Articles | Volume 9, issue 21
Atmos. Chem. Phys., 9, 8413–8430, 2009
Atmos. Chem. Phys., 9, 8413–8430, 2009

  05 Nov 2009

05 Nov 2009

Origin of aerosol particles in the mid-latitude and subtropical upper troposphere and lowermost stratosphere from cluster analysis of CARIBIC data

M. Köppe1, M. Hermann1, C. A. M. Brenninkmeijer2, J. Heintzenberg1, H. Schlager3, T. Schuck2, F. Slemr2, D. Sprung4,2, P. F. J. van Velthoven5, A. Wiedensohler1, A. Zahn4, and H. Ziereis3 M. Köppe et al.
  • 1Leibniz Institute for Tropospheric Research, Permoserstr. 15, 04318 Leipzig, Germany
  • 2Atmospheric Chemistry Division, Max Planck Institute for Chemistry, P.O. Box 3060, 55020 Mainz, Germany
  • 3Institute of Atmospheric Physics, German Aerospace Center, Oberpfaffenhofen, 82230 Wessling, Germany
  • 4Institute for Meteorology and Climate Research, Karlsruhe Institute of Technology, P.O. Box 3640, 76021 Karlsruhe, Germany
  • 5Royal Netherlands Meteorological Institute, P.O. Box 201, 3730 AE de Bilt, The Netherlands

Abstract. The origin of aerosol particles in the upper troposphere and lowermost stratosphere over the Eurasian continent was investigated by applying cluster analysis methods to in situ measured data. Number concentrations of submicrometer aerosol particles and trace gas mixing ratios derived by the CARIBIC (Civil Aircraft for Regular Investigation of the Atmosphere Based on an Instrument Container) measurement system on flights between Germany and South-East Asia were used for this analysis. Four cluster analysis methods were applied to a test data set and their capability of separating the data points into scientifically reasonable clusters was assessed. The best method was applied to seasonal data subsets for summer and winter resulting in five cluster or air mass types: stratosphere, tropopause, free troposphere, high clouds, and boundary layer influenced. Other source clusters, like aircraft emissions could not be resolved in the present data set with the used methods. While the cluster separation works satisfactory well for the summer data, in winter interpretation is more difficult, which is attributed to either different vertical transport pathways or different chemical lifetimes in both seasons. The geographical distribution of the clusters together with histograms for nucleation and Aitken mode particles within each cluster are presented. Aitken mode particle number concentrations show a clear vertical gradient with the lowest values in the lowermost stratosphere (750–2820 particles/cm3 STP, minimum of the two 25% – and maximum of the two 75%-percentiles of both seasons) and the highest values for the boundary-layer-influenced air (4290–22 760 particles/cm3 STP). Nucleation mode particles are also highest in the boundary-layer-influenced air (1260–29 500 particles/cm3 STP), but are lowest in the free troposphere (0–450 particles/cm3 STP). The given submicrometer particle number concentrations represent the first large-scale seasonal data sets for the upper troposphere and lowermost stratosphere over the Eurasian continent.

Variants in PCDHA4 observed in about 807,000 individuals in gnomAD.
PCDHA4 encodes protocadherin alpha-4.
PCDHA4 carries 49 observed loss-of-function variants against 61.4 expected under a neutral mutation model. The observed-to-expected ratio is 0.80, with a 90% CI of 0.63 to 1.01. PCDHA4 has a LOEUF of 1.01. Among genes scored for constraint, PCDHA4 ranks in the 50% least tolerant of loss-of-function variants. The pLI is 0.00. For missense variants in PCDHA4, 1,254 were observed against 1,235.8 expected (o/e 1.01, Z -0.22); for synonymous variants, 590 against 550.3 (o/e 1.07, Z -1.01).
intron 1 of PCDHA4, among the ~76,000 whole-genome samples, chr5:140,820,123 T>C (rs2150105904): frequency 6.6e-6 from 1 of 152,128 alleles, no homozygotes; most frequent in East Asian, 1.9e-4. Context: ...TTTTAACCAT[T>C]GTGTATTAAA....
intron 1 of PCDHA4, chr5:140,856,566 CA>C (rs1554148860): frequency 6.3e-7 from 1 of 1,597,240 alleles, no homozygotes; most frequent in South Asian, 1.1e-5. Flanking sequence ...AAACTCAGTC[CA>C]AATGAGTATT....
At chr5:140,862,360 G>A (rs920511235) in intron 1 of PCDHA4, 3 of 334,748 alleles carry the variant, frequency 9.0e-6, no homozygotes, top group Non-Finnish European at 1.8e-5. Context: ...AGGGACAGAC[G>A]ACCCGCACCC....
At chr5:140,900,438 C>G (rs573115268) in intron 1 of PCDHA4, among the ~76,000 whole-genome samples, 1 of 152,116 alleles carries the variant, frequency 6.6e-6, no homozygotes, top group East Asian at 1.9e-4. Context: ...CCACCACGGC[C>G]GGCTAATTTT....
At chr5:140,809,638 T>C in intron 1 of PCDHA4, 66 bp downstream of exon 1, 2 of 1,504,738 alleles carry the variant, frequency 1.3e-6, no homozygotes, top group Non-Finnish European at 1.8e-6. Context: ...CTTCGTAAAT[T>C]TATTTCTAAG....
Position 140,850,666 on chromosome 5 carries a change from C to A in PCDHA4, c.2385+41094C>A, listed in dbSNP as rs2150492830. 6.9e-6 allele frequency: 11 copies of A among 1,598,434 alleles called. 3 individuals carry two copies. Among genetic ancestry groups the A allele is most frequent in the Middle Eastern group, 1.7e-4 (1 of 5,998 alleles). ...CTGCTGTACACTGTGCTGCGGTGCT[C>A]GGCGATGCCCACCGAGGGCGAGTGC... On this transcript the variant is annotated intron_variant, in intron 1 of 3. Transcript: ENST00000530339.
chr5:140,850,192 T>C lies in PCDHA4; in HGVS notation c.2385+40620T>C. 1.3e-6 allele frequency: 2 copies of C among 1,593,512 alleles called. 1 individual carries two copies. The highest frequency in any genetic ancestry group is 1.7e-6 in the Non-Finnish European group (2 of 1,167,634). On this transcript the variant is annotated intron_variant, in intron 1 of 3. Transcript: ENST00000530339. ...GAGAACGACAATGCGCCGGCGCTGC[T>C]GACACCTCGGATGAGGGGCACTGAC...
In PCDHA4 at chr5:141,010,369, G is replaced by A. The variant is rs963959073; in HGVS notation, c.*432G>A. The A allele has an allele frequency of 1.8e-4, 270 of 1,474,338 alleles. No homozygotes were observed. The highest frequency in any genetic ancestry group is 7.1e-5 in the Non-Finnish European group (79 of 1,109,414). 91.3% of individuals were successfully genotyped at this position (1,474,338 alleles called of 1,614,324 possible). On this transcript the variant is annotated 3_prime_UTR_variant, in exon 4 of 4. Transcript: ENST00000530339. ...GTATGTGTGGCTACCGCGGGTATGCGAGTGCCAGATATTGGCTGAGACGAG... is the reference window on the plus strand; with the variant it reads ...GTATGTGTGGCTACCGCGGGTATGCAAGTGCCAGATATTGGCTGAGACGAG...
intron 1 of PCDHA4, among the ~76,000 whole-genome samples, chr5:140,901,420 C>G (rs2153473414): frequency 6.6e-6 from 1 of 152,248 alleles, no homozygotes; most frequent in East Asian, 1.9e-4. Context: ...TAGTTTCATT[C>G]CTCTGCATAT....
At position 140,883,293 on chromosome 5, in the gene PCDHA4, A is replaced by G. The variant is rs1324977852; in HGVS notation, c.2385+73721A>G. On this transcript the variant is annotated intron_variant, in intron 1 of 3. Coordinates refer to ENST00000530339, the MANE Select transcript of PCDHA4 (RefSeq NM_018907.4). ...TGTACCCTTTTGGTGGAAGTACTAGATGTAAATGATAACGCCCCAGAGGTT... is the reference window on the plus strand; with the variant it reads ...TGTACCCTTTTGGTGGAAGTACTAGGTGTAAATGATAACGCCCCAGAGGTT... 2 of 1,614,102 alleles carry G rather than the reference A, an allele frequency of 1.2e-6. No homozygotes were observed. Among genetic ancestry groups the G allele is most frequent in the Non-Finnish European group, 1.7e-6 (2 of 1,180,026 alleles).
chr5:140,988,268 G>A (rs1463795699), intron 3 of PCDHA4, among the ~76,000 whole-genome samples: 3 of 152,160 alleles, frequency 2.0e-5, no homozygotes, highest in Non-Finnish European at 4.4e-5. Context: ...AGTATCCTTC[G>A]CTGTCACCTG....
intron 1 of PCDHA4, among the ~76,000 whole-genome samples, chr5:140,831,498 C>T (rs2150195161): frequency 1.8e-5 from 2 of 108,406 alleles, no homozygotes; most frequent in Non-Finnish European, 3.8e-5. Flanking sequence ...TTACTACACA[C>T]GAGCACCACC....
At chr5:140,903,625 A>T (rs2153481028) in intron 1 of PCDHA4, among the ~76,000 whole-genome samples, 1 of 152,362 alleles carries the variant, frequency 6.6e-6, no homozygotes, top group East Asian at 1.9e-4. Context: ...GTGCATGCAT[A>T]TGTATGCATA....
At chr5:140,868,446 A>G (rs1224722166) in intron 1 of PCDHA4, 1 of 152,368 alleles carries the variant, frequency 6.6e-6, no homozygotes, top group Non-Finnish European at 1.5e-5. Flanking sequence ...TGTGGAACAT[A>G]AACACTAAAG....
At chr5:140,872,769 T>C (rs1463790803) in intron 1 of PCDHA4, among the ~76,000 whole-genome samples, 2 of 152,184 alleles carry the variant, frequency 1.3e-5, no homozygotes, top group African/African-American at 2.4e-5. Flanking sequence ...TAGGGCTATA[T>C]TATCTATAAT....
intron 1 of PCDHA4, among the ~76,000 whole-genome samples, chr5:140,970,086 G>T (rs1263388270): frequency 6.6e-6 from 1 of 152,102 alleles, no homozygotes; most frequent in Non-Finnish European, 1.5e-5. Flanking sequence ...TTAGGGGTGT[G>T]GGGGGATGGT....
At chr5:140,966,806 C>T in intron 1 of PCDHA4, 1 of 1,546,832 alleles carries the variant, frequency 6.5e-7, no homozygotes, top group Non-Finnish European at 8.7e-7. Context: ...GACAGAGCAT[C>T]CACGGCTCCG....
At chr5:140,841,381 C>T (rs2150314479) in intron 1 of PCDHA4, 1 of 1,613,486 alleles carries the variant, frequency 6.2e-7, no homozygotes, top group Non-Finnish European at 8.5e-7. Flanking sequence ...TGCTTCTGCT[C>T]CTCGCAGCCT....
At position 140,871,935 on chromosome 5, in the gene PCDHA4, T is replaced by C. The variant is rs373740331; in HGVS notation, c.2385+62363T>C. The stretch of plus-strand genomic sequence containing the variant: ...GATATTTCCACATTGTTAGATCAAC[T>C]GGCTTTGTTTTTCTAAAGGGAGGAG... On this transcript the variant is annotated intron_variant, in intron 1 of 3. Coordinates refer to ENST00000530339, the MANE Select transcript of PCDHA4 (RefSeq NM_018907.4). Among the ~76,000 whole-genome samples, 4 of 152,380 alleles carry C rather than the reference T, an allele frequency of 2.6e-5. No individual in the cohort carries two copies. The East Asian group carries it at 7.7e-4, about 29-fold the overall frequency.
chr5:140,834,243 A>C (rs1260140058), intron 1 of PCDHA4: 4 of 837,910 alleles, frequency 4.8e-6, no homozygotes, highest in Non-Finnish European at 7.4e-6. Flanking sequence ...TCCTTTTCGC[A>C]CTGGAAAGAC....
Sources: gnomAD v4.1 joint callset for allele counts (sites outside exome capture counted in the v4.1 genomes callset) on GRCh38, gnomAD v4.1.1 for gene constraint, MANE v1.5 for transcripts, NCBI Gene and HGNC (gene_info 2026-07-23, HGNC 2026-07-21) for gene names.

Final-revised paper